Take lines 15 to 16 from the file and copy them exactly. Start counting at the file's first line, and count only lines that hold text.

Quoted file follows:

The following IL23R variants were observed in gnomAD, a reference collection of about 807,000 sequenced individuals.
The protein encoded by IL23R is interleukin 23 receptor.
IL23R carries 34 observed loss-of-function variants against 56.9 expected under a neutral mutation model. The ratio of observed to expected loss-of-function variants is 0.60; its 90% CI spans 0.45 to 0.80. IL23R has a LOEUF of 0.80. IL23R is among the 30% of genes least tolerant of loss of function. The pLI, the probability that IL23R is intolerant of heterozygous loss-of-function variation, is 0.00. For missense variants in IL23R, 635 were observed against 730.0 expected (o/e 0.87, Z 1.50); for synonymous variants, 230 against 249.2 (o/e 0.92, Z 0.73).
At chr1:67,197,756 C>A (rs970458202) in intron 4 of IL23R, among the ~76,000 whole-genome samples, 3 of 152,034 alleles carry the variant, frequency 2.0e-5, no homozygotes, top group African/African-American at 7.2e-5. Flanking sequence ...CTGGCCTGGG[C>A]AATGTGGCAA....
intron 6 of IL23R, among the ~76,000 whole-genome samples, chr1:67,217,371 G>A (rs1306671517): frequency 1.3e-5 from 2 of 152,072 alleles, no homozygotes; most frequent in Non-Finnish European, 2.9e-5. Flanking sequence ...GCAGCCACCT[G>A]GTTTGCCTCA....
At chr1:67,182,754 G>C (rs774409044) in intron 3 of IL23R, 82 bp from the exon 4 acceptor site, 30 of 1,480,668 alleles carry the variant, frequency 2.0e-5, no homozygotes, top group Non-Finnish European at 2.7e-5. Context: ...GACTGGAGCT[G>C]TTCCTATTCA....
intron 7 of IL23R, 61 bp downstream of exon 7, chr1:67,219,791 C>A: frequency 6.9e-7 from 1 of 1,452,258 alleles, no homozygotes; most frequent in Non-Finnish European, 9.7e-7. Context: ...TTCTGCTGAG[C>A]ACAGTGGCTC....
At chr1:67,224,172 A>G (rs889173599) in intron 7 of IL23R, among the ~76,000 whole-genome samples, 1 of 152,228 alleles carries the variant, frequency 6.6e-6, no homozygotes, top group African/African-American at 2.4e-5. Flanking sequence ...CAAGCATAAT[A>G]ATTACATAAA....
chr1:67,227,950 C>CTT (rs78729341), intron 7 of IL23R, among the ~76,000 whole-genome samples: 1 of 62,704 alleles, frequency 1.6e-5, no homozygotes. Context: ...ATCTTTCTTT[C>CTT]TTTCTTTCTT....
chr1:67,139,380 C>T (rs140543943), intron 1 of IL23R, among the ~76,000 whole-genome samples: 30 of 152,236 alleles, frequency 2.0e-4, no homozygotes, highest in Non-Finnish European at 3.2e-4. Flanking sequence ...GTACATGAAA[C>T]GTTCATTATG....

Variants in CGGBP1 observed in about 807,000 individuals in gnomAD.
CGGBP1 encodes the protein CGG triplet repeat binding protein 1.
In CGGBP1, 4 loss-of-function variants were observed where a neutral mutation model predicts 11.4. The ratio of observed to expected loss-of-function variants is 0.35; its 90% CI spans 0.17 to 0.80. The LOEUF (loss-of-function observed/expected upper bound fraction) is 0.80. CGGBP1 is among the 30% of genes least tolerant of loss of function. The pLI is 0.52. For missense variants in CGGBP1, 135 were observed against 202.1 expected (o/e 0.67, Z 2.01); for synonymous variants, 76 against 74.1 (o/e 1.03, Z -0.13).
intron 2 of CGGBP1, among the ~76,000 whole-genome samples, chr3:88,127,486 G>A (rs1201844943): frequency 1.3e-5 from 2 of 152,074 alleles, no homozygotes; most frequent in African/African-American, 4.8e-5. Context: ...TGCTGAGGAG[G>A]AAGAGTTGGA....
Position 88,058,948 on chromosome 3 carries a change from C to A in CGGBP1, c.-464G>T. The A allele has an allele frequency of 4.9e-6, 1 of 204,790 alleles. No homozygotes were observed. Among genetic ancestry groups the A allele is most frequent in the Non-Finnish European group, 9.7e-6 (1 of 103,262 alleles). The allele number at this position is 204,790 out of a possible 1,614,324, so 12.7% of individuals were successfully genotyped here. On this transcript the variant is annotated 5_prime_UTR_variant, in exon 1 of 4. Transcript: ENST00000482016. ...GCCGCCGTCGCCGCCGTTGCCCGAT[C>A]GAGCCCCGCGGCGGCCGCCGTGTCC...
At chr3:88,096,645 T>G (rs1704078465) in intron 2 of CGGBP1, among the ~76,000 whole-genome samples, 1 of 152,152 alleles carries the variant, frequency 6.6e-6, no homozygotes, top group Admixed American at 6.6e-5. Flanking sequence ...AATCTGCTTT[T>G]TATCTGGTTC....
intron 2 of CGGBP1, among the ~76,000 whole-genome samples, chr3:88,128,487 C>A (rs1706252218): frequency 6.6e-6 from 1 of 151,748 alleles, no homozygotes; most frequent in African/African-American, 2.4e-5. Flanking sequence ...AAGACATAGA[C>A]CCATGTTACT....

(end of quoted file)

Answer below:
Position 88,058,948 on chromosome 3 carries a change from C to A in CGGBP1, c.-464G>T. The A allele has an allele frequency of 4.9e-6, 1 of 204,790 alleles. No homozygotes were observed. Among genetic ancestry groups the A allele is most frequent in the Non-Finnish European group, 9.7e-6 (1 of 103,262 alleles). The allele number at this position is 204,790 out of a possible 1,614,324, so 12.7% of individuals were successfully genotyped here. On this transcript the variant is annotated 5_prime_UTR_variant, in exon 1 of 4. Transcript: ENST00000482016. ...GCCGCCGTCGCCGCCGTTGCCCGAT[C>A]GAGCCCCGCGGCGGCCGCCGTGTCC...
At chr3:88,096,645 T>G (rs1704078465) in intron 2 of CGGBP1, among the ~76,000 whole-genome samples, 1 of 152,152 alleles carries the variant, frequency 6.6e-6, no homozygotes, top group Admixed American at 6.6e-5. Flanking sequence ...AATCTGCTTT[T>G]TATCTGGTTC....